25 Apr

The Second Coming — Vitamin D?

Filed under: Nutritional Health No Responses

Vitamin D

With so many possible interventions, the media has hyped this nutrient as noteworthy as techies have pumped up Apple’s iPad. When the New York Times states that consumers spent some serious coin on “the D” with a price tag of $235 million in 2008 (up from $40 million in 2001), I’d say it’s time to review the literature and deliver the goods on what science is intending to say, minus the propaganda and publicity.

With such a health benefit bonanza, much confusion comes with finding true importance, doses and, cost values when such a frenzy hits the market.

Let’s start by knocking out 61 years of investigation:
The Journal of Endocrine Practice published a review of ALL research papers published from 1948 to 2009. The results determined which studies were performed under the most reliable and credible standards. Only 13 papers made the cut!

Of those papers that were critically assessed, it was revealed that . . .
We need to do more research (not totally kidding), as results showed some strong evidence supporting Vitamin D therapy for the FLU (influenza), viral upper respiratory tract illnesses, and tuberculosis.

There were other tests done with Vitamin D and its effects on bacterial and viral infections, HIV, fungal, parasitic infections, and hepatitis B. The tests were somewhat positive; unfortunately, they didn’t follow reliable testing protocol; therefore, not counted.

Until recently. . .
Heart disease, diabetes mellitus, cancer, infection, and autoimmune diseases (multiple sclerosis, rheumatoid arthritis) have all shown encouraging to very convincing results for supplementing one’s diet with Vitamin D.

Here’s why:
– If your car did not have seats, pedals, or a steering wheel, it’s not useful for taking you where you need to go, thus having no value in the world of transportation.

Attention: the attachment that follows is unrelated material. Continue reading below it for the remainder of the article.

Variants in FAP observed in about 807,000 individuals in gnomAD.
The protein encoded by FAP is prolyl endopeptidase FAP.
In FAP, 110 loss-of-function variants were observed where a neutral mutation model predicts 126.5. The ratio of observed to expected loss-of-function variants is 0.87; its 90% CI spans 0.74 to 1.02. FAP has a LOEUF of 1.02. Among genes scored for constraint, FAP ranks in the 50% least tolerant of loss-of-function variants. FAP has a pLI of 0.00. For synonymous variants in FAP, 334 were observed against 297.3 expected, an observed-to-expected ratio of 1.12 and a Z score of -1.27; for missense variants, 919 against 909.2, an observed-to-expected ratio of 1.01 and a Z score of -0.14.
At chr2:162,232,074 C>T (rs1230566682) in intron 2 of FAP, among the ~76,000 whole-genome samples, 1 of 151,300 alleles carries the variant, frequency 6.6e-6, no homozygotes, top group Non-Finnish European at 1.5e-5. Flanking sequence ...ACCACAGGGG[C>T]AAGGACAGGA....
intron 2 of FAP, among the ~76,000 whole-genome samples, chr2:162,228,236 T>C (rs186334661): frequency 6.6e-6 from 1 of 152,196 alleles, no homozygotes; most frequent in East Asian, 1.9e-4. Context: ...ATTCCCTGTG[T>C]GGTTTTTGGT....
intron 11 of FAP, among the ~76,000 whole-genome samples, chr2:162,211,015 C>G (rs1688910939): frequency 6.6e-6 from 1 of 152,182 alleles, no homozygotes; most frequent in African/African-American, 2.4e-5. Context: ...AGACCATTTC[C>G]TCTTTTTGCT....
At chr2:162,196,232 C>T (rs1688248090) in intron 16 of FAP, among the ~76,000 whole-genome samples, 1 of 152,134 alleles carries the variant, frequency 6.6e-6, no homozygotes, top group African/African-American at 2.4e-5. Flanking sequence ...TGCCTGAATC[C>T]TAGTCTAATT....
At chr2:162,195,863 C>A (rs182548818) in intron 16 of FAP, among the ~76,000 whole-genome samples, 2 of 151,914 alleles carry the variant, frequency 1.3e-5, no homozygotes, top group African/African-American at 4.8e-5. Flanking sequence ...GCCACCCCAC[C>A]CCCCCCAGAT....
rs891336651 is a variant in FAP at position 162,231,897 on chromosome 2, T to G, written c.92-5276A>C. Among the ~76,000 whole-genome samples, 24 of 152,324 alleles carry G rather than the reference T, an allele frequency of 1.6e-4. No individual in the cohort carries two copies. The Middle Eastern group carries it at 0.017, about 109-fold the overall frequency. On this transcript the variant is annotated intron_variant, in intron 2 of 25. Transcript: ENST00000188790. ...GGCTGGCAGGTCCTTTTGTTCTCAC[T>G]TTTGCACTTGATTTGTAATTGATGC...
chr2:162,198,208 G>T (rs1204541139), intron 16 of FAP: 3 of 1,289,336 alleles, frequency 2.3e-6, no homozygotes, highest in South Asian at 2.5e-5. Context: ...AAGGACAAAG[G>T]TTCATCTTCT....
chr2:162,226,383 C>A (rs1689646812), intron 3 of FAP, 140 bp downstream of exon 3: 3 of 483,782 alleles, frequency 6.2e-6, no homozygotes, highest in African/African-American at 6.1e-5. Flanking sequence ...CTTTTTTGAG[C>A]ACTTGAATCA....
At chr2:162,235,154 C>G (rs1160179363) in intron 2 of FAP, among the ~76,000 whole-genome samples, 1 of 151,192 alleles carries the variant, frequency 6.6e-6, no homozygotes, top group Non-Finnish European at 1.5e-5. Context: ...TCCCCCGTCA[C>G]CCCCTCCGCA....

In the body – There are seats, pedals, and steering wheels (known as receptors) for Vitamin D in these organs (different vehicles):
– -Brain
– -Prostate
– -Breast
– -Colon
– -Heart
– -Immune System Cells

Without enough Vitamin D driving these organs, they will not run properly, causing potential for some of the leading diseases.

Where should you get your “D”?
Sunlight helps in a big way, but what if you live in your office, or the sun isn’t out, or you’re afraid of wrinkles or skin cancer. If you’re using sun block greater than SPF 15, Vitamin D production is reduced by 99%. [New England Journal of Medicine 2007]

Then eat salmon, mackerel, and sardines!
Fortified milk and cereals have extra Vitamin D added.
Sadly, this is still not enough . . .

Supplements (two types):
– D2 for vegetarians – from plants and yeast – one third as effective as Vitamin D3;
– D3 – derived from the lanolin of sheep; more potent that Vitamin D2

Dosing up on D:
If you are D deficient, crank up your intake –
———- 50,000 IU (D2 or D3) – once a week for 8 to 12 weeks

If you are just maintaining your normal levels –
Pick either approach:
———– Monthly
– 50,000 IU (D2 or D3) every 2-4 weeks [NEJM, Journal Am Coll Cardiol]

———– Daily supplements of 1,000 D3 daily or 3,000 IU D2 daily [JACC]

How to know if you are deficient?
There are blood tests available that determine exactly whether you are in need or not. It takes the guess work out, especially if someone takes pretty good care of themselves. They may be in for a surprise.

After a good 3 to 6 months of supplementation, it would be ideal to recheck your Vitamin D levels.

Even though dosing on “D” is safe, simple, and relatively inexpensive, don’t overdo it. Excess of 10,000 units a day can get you some wicked kidney stones.

Are you “Doing the D”?
Please comment on your own experiences and share how this information will benefit a family member or friend.

Written on April 25 2010 and is filed under Nutritional Health. You can follow any responses to this entry through the RSS 2.0 feed. You can leave a response, or trackback from your own site.

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